Speaking at the House of Commons Thursday, British Health Minister Mike O'Brien formally apologized to the estimated 466 Thalidomide survivors in Britain.
O'Brien expressed "sincere regret" the government did not do more to stop prescriptions of the drug for pregnant women in the 1950s and 1960s as a treatment for morning sickness and insomnia, The Times of London reported Friday. The drug was withdrawn in 1961 after thousands of babies were born deformed.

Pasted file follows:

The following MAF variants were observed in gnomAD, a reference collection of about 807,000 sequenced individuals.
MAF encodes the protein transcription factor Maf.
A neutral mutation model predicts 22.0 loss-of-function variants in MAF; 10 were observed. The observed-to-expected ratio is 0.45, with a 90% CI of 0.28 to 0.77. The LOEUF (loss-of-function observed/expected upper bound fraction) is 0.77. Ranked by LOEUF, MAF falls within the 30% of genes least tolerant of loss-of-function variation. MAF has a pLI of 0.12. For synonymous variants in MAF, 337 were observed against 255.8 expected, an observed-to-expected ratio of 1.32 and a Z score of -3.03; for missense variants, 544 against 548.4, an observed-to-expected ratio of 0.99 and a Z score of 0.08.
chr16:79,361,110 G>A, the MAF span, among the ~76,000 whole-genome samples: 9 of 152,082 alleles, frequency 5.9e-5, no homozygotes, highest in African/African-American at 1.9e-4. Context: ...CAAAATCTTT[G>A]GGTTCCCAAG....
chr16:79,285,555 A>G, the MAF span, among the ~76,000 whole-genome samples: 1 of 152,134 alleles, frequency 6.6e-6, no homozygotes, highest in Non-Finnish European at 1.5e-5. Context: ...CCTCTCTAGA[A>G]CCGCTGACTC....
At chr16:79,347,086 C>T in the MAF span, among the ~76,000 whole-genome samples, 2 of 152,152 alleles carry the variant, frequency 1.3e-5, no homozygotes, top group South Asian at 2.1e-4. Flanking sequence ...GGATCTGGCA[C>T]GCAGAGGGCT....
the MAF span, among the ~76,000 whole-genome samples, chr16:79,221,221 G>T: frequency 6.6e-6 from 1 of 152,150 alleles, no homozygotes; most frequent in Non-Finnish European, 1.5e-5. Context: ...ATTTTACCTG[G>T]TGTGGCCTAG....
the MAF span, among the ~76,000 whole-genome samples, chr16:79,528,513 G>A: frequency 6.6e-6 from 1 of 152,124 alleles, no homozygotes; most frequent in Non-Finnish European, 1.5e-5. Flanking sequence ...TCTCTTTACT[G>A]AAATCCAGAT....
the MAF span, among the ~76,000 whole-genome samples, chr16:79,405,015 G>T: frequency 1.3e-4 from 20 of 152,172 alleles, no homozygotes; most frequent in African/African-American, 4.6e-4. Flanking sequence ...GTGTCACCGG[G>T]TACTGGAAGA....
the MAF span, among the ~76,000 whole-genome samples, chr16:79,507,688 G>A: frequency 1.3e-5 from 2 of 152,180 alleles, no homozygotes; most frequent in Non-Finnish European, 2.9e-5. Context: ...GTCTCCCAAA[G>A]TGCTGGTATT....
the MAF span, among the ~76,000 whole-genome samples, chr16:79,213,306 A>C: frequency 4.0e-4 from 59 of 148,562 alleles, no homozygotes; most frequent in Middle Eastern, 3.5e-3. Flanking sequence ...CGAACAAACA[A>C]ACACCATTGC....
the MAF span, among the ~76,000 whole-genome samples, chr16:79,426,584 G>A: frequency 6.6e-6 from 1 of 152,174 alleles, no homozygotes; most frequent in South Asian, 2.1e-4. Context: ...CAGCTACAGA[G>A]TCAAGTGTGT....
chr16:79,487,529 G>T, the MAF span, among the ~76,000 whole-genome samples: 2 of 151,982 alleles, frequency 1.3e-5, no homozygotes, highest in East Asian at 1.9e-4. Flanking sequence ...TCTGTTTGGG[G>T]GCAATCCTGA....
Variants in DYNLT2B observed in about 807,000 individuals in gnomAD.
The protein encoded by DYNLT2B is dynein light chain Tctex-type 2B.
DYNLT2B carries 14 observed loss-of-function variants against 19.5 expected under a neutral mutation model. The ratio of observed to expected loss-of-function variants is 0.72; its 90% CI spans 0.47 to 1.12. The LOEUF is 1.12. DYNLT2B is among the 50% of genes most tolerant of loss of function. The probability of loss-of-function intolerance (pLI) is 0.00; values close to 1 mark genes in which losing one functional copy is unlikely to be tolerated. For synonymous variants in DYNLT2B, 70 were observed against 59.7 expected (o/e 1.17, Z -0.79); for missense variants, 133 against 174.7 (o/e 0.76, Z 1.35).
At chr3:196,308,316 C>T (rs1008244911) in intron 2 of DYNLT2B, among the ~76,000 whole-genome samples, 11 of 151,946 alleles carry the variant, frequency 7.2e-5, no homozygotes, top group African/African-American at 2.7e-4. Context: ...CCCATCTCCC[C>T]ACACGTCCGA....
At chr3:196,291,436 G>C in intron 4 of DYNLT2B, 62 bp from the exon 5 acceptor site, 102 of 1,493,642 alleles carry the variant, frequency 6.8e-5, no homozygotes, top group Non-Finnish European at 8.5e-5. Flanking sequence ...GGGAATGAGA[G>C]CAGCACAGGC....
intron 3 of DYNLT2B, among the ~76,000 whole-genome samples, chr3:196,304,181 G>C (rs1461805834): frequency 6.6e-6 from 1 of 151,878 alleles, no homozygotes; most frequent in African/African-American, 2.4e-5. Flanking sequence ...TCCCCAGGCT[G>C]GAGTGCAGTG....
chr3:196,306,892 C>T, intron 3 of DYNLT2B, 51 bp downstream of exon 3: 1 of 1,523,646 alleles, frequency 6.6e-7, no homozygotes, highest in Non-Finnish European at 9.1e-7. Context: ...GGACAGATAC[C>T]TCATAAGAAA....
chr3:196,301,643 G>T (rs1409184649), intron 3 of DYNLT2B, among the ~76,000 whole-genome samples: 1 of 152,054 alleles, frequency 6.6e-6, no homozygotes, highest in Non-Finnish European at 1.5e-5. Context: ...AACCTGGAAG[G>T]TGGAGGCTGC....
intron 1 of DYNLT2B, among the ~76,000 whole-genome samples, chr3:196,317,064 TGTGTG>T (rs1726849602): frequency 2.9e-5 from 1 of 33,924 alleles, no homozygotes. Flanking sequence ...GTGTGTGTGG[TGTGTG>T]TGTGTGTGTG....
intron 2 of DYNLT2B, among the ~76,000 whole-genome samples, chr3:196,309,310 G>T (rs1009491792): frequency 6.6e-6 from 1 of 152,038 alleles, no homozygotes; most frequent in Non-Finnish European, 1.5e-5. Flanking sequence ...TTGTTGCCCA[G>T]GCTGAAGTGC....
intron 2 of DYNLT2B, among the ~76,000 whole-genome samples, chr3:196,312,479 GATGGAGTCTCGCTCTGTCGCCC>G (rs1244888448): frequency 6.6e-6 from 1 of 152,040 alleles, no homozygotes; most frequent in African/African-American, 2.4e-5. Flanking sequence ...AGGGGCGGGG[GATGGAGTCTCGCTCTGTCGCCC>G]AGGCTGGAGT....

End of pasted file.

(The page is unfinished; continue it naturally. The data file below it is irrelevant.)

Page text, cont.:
Guy Tweedy, a spokesman for the Thalidomide Trust, said the apology came 50 years too late but meant "as much in some ways as" the $32.5 million in additional support for British survivors announced last month. The money is to be administered through the trust.
In the 1970s, the drug's British manufacturer, Distillers Biochemicals, paid $45 million in compensation to survivors, which has averaged about $32,000 per person a year.